ArrowArtboardCreated with Sketch.Title ChevronCrossEye IconIcon FacebookIcon LinkedinShapeCreated with Sketch.Icon Mail ContactPath LayerIcon MailMenu BurgerIcon Opinion QuotePositive ArrowIcon PrintIcon SearchSite TitleTitle ChevronIcon Twitter
Nikkei Markets

Hong Kong stocks hit 14-month low as drugmakers, banks drop

ANTA slides on $5.4bn offer for Finnish owner of Wilson Sporting Goods

HONG KONG (Nikkei Markets) -- Hong Kong stocks fell to a 14-month low on Wednesday, with the equity benchmark slipping further into a bear market as trade tensions between the U.S. and China showed no signs of easing.

The Hang Seng Index dropped 0.3% to 26,345.04, capping its sixth straight loss, with mainland lenders and drugmakers among the notable decliners. The gauge entered a technical bear market on Tuesday as it closed more than 20% below an all-time high it reached in January.

Sino Biopharmaceutical tumbled 14.4%, leading percentage declines on the gauge, while CSPC Pharmaceutical Group slumped 9.7%. The losses came after Chinese Premier Li Keqiang said in a speech on Tuesday that the process of drug manufacturing should be more strictly overseen.

China Construction Bank and Industrial & Commercial Bank of China, both market heavyweights, shed 1.9% and 2%, respectively. The stocks are down 8.6% and 7.4% so far in September.

"Investors are very cautious in the trade war environment," said Stanley Chan, research director at Emperor Securities. "A new global trade order is building and we do not know how it will unfold. I do not expect China and the U.S. to reach a trade agreement soon. The depressed market conditions are likely to stay for a period before a rebound."

Concerns that China's economy could slow down at a quicker pace were weighing on mainland banking stocks, Chan said.

The Hang Seng Index's 14-day relative strength index, a measure of momentum, on Wednesday ended lower than 30 for the first time since June, dropping below a threshold that signals to some technical analysts that the gauge could be oversold.

Stocks listed in the city have been under mounting pressure as a trade battle between the U.S. and China heats up, with investors bracing for Washington's next move on proposed tariffs on goods imported from the Asian country. China has told the World Trade Organization it wants to impose $7 billion a year in sanctions on the U.S., in retaliation for Washington's noncompliance with a ruling on a dispute over American dumping duties initiated in 2013, Reuters reported on Tuesday.

The Shanghai Composite fell 0.3% to 2,656.11, its lowest close since January 2016. The yuan traded onshore was little changed against the U.S. dollar at 6.8622.

ANTA Sports Products plunged 9.2% after saying the company and private-equity company FountainVest Partners have made a takeover offer for Amer Sports, valuing the Finnish company at 4.66 billion euros ($5.4 billion). Amer Sports controls Wilson Sporting Goods, owner of the Wilson brand of tennis rackets.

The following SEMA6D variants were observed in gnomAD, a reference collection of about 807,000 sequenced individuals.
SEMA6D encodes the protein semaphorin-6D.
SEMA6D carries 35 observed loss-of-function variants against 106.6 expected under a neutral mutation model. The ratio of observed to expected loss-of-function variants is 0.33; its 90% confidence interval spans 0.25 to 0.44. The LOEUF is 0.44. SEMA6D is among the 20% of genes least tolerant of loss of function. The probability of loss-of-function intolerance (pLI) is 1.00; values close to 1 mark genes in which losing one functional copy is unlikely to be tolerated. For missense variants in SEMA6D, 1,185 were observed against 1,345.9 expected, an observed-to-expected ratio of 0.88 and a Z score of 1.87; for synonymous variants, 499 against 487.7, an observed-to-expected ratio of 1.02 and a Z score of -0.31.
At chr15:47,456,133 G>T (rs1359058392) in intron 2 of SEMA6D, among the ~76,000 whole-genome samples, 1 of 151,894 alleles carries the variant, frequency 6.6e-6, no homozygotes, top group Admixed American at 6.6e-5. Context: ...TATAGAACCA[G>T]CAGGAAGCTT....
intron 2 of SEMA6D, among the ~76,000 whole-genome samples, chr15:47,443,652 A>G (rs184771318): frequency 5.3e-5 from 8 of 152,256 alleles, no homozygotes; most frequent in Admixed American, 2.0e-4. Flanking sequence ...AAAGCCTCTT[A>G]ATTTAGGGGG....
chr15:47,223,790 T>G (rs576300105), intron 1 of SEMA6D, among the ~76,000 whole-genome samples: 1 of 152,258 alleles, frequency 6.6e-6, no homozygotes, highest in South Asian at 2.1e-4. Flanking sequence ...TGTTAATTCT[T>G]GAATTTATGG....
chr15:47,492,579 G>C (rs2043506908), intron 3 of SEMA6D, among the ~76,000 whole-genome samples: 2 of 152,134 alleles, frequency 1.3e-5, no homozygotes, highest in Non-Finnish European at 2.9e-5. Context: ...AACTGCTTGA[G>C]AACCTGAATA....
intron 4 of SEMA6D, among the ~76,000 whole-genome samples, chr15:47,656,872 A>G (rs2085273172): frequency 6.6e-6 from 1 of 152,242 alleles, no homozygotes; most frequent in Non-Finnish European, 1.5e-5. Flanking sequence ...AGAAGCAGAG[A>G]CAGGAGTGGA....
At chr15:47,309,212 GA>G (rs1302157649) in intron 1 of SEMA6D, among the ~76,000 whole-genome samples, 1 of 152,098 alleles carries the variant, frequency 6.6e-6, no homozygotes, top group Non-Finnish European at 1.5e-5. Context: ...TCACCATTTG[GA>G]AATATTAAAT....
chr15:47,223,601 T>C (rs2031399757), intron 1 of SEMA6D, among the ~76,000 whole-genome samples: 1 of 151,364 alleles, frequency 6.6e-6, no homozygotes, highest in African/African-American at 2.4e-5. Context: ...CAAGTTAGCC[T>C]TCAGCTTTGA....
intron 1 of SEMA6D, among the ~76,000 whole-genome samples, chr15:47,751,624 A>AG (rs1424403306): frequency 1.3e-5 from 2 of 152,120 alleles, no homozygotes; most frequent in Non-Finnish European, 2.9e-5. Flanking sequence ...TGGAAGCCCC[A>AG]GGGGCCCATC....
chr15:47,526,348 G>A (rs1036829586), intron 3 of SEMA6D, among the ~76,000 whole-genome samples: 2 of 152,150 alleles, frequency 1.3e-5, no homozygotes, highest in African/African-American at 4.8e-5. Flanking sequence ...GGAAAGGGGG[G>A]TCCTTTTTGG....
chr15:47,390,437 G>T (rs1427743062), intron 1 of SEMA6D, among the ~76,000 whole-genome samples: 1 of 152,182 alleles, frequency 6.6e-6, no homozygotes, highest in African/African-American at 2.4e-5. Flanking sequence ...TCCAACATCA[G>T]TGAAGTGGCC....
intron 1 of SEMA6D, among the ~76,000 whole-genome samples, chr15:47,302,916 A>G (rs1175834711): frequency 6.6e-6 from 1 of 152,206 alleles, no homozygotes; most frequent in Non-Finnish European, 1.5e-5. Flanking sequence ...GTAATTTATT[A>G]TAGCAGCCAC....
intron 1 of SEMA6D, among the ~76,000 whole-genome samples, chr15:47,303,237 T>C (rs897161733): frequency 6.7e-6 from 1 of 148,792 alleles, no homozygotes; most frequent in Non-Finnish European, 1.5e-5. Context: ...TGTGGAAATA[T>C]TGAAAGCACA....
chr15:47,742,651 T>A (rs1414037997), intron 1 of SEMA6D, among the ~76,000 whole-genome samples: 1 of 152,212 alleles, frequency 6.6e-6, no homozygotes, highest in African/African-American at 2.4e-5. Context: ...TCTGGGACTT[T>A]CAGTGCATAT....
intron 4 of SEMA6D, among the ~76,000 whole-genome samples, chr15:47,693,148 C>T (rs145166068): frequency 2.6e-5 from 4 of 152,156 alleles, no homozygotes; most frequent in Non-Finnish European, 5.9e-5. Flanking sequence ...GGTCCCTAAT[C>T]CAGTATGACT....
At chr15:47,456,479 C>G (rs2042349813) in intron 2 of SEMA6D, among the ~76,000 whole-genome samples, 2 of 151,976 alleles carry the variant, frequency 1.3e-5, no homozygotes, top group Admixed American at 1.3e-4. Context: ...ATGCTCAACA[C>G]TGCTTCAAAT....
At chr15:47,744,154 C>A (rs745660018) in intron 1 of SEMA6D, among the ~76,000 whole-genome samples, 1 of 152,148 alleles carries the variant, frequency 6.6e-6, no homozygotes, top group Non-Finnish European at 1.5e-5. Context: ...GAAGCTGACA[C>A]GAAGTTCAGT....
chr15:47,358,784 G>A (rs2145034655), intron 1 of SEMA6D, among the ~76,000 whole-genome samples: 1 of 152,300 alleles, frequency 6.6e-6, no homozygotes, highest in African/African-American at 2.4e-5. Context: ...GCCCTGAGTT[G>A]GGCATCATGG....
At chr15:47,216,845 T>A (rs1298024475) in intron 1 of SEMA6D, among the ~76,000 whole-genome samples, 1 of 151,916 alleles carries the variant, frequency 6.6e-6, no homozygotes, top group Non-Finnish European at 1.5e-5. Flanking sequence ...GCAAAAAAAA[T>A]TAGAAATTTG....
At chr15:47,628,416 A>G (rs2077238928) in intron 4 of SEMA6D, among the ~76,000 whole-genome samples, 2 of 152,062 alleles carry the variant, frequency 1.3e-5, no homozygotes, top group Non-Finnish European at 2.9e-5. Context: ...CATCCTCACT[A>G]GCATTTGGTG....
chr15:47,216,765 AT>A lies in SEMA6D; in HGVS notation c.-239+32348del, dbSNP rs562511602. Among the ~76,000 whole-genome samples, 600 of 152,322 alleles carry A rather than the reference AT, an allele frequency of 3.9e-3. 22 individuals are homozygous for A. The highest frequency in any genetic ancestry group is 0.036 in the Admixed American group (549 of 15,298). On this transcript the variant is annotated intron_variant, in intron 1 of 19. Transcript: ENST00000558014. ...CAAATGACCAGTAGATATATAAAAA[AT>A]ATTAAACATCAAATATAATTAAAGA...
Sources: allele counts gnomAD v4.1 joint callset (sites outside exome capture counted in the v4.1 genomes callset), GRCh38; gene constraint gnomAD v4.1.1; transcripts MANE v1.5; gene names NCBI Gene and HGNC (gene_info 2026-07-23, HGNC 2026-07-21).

CK Infrastructure Holdings added 1.9%. The Australian Competition and Consumer Commission on Wednesday approved the company's A$12.98 billion ($9.2 billion) takeover proposal for Australian gas pipeline operator APA Group.

Pork producer WH Group slid 1.9%. Smithfield Foods, a U.S. unit of the company, will shut its Tar Heel plant in North Carolina on Thursday and Friday due to Hurricane Florence, Reuters reported, citing a company spokeswoman.

Shopping mall operator Renhe Commercial Holdings rose 5% after saying it agreed to buy Harbin Dili Fresh Agricultural Produce Enterprise Management from controlling shareholder Dai Yongge. Renhe said it will pay 400 million yuan ($58.2 million) as a refundable deposit to Dai and the target company.

Building contractor Golden Ponder Holdings slumped 4.8% to 30 Hong Kong cents after saying the overallotment option for its initial public offering lapsed without the option being exercised. At its current price, the stock is down about 45% from its IPO price.

China Chengtong Development Group climbed 5.8% after saying it plans to sell the Cuidao Hotspring Hotel in Haikou in southern China, and its debt receivables, for a minimum consideration of 226 million yuan.

-- Amy Lam

You have {{numberReadArticles}} FREE ARTICLE{{numberReadArticles-plural}} left this month

Subscribe to get unlimited access to all articles.

Get unlimited access
NAR site on phone, device, tablet

{{sentenceStarter}} {{numberReadArticles}} free article{{numberReadArticles-plural}} this month

Stay ahead with our exclusives on Asia; the most dynamic market in the world.

Benefit from in-depth journalism from trusted experts within Asia itself.

Try 3 months for $9

Offer ends September 30th

Your trial period has expired

You need a subscription to...

See all offers and subscribe

Your full access to the Nikkei Asian Review has expired

You need a subscription to:

See all offers
NAR on print phone, device, and tablet media